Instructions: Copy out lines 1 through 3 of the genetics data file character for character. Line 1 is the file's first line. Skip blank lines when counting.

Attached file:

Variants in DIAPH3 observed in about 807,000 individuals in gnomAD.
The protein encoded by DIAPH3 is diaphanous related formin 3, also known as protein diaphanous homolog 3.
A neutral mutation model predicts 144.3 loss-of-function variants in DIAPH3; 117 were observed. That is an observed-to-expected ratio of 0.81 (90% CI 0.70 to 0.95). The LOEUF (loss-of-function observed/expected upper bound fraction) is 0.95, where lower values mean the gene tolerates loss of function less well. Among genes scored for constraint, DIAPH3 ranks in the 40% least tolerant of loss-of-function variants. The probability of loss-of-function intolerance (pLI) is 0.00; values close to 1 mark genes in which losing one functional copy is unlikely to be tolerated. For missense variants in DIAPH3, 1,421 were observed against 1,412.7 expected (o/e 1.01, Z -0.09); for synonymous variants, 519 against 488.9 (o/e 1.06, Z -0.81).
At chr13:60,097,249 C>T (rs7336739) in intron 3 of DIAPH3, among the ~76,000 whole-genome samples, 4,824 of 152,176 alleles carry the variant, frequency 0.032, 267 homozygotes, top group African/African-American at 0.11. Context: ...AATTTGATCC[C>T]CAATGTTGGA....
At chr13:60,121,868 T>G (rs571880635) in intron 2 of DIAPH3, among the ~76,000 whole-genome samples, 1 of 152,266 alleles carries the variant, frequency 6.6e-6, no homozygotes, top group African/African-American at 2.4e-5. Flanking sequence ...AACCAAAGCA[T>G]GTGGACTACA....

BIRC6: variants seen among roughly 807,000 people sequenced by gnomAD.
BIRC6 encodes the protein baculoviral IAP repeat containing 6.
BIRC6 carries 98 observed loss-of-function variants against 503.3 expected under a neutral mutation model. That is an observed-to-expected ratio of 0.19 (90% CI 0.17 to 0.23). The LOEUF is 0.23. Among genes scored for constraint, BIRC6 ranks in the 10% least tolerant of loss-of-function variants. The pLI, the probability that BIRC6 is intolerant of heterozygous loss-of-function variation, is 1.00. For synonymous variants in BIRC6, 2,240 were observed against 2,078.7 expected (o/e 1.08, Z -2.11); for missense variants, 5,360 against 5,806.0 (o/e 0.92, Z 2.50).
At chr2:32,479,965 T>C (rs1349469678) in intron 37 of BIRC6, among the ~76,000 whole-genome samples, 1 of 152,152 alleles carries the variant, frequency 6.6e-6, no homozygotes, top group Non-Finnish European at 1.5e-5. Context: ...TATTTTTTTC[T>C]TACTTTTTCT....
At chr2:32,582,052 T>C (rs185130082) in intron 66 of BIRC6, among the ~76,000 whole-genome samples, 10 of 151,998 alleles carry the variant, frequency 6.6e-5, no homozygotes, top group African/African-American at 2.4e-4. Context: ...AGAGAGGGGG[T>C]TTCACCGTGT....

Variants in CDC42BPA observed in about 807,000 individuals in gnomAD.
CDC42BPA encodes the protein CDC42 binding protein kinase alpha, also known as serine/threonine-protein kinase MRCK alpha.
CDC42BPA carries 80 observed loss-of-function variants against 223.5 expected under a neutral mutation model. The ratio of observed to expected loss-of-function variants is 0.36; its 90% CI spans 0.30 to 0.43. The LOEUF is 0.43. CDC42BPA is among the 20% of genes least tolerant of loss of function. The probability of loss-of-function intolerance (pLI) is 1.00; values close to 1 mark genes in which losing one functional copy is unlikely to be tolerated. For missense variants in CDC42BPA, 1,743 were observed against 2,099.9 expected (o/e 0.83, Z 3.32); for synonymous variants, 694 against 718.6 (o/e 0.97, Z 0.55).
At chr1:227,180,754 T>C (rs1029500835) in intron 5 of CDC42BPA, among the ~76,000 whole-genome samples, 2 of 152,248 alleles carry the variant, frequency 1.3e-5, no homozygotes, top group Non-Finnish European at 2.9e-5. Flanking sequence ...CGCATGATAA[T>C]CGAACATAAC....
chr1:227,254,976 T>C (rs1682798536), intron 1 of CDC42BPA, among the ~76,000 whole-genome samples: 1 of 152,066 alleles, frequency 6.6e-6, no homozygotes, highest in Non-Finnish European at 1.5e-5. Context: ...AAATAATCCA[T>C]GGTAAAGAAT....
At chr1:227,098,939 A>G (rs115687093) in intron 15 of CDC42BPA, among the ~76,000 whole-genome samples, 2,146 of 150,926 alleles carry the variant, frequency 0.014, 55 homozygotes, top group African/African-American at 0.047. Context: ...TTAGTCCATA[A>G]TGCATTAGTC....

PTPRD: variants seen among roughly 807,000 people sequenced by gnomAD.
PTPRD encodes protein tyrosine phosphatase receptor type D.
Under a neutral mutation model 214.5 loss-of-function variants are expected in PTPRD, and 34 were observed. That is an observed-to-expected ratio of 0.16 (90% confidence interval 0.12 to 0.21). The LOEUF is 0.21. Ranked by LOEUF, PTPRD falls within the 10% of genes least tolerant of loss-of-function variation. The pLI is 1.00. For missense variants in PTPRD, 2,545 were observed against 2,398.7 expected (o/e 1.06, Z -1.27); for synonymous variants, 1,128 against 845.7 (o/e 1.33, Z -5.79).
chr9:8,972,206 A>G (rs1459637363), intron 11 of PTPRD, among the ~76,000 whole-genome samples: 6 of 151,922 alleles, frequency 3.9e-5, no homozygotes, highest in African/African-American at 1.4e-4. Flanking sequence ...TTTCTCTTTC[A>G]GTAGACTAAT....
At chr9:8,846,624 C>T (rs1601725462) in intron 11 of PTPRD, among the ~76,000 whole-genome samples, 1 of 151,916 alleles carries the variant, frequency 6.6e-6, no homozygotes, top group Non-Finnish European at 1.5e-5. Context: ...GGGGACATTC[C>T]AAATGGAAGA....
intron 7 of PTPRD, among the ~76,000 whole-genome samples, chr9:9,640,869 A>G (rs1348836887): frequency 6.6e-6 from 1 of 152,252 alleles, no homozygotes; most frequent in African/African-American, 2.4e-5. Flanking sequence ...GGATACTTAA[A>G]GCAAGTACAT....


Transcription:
Variants in DIAPH3 observed in about 807,000 individuals in gnomAD.
The protein encoded by DIAPH3 is diaphanous related formin 3, also known as protein diaphanous homolog 3.
A neutral mutation model predicts 144.3 loss-of-function variants in DIAPH3; 117 were observed. That is an observed-to-expected ratio of 0.81 (90% CI 0.70 to 0.95). The LOEUF (loss-of-function observed/expected upper bound fraction) is 0.95, where lower values mean the gene tolerates loss of function less well. Among genes scored for constraint, DIAPH3 ranks in the 40% least tolerant of loss-of-function variants. The probability of loss-of-function intolerance (pLI) is 0.00; values close to 1 mark genes in which losing one functional copy is unlikely to be tolerated. For missense variants in DIAPH3, 1,421 were observed against 1,412.7 expected (o/e 1.01, Z -0.09); for synonymous variants, 519 against 488.9 (o/e 1.06, Z -0.81).